Bible Book: James  4 : 11-12
Subject: Judgment of Others; Christian Love
Series: James - Believing and Behaving - Minnix
[This sermon is one in a series of 10 messages from the Book of James entitled: Believing and Behaving.]

The Unacceptable - Acceptable Sin

Dr. J. Mike Minnix, Editor,


James 4:11-12 ...

"11 Do not speak evil of one another, brethren. He who speaks evil of a brother and judges his brother, speaks evil of the law and judges the law. But if you judge the law, you are not a doer of the law but a judge. 12 There is one Lawgiver, who is able to save and to destroy. Who are you to judge another?"

Some sins seem more acceptable to us than others. Furthermore, we often accept certain sins in people we know and love but reject them in people with whom we are unfamiliar or people we don’t particularly like. This is the human way of looking at sin, but it is not God's way. Today we are going to look at a sin which is much accepted, even in Christian's circles, but a sin which is detested by God. The sin we are going to consider is the unacceptable acceptable sin – unacceptable to God, but often acceptable in Christian circles. Hopefully, we will be brought to personal conviction, cleansing and commitment regarding this widespread vice.

Some years ago a church Bishop had to travel by ship on a sudden business from American to London which required, of course, that he travel by ship. He booked passage quickly, went down to the dock and boarded. He was given a room with another gentleman, who also had to make his reservations quickly. Bishop Potter went to the purser's office and asked if he might put his money, a watch and ring in the ship's safe. He explained that he was not accustomed to doing that but that he had been booked with a man who looked a little suspicious. The purser said, "Think nothing of it, sir, the other gentleman was just up here, he said the same about you and his stuff is already in the safe!"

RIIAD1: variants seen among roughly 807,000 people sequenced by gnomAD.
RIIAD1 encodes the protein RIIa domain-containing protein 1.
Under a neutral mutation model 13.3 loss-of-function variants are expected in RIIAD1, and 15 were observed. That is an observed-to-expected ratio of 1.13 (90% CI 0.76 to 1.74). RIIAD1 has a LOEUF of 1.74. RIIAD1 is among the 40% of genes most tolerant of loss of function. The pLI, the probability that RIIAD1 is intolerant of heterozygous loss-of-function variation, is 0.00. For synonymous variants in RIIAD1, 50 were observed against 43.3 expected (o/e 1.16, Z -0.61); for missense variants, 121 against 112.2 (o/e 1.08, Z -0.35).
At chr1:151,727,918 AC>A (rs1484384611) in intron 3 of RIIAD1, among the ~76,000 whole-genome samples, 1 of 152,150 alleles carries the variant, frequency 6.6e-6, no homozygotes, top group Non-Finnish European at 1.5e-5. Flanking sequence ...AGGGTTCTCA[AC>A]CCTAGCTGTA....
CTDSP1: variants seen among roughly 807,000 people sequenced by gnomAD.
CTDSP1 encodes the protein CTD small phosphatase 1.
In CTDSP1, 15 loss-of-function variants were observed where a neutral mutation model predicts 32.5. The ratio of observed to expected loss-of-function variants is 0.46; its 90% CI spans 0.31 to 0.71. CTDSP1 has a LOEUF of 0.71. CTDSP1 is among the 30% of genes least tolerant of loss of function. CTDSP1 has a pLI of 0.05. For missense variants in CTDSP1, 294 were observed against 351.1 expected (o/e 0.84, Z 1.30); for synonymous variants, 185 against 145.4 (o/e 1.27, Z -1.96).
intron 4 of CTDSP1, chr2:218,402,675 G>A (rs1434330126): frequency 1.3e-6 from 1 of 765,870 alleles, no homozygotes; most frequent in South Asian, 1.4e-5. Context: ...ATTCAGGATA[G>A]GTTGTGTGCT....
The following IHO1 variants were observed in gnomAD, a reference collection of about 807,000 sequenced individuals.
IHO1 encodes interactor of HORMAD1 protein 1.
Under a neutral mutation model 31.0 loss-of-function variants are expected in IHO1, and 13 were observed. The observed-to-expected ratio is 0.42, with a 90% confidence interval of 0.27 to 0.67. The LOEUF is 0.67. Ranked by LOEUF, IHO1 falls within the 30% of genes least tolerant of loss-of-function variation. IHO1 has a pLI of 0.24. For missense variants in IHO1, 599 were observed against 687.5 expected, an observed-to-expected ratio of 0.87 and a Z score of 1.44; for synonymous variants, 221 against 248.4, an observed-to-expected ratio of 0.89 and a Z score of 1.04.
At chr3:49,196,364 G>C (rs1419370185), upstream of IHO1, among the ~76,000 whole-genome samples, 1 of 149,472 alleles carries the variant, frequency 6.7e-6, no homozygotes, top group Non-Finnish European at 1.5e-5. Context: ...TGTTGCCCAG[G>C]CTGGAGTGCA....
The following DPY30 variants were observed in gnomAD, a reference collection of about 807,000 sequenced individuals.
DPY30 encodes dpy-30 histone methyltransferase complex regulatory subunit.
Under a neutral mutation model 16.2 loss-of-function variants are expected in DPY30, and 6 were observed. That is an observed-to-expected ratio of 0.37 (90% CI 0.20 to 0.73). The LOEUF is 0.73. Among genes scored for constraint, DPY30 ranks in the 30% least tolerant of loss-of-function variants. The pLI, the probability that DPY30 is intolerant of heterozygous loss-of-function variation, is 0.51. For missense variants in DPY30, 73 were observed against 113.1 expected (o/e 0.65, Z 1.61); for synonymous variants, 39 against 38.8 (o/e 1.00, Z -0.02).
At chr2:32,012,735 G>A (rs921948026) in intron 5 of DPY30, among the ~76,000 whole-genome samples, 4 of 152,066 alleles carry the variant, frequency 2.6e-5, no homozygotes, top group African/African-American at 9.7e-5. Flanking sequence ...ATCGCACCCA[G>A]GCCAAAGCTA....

We have to be very careful in this matter of judging others. It is easy for us to see ourselves as trustworthy and others treacherous. In fact, we often have excuses for our own faults but brutal judgments for the faults of others.

I read the other day about a man driving a large truck full of onions up Interstate 85 through Spartanburg, South Carolina. He was pulled over for speeding and told the officer that he had to drive fast in order to keep the onion odor behind him; otherwise the smell of the onions got in his eyes and made it impossible for him to see to drive at all." The driver’s excuse just about takes the cake, or in this case - the onion! But, honestly, any of us who have been pulled by a police officer has likely offered some lame excuse for our wrong doing?

A little boy came home from the grocery store with some apples which his mother had sent him to purchase. His mother promptly called the manager to complain. She said, "I sent my son to your store to buy five pounds of apples. I weighed them when he got home and they weighed only 4 and 1/4 pounds." The manager replied, "Ma’am, our scales are checked by the company and the government, and they are accurate. Perhaps you had better weigh your boy."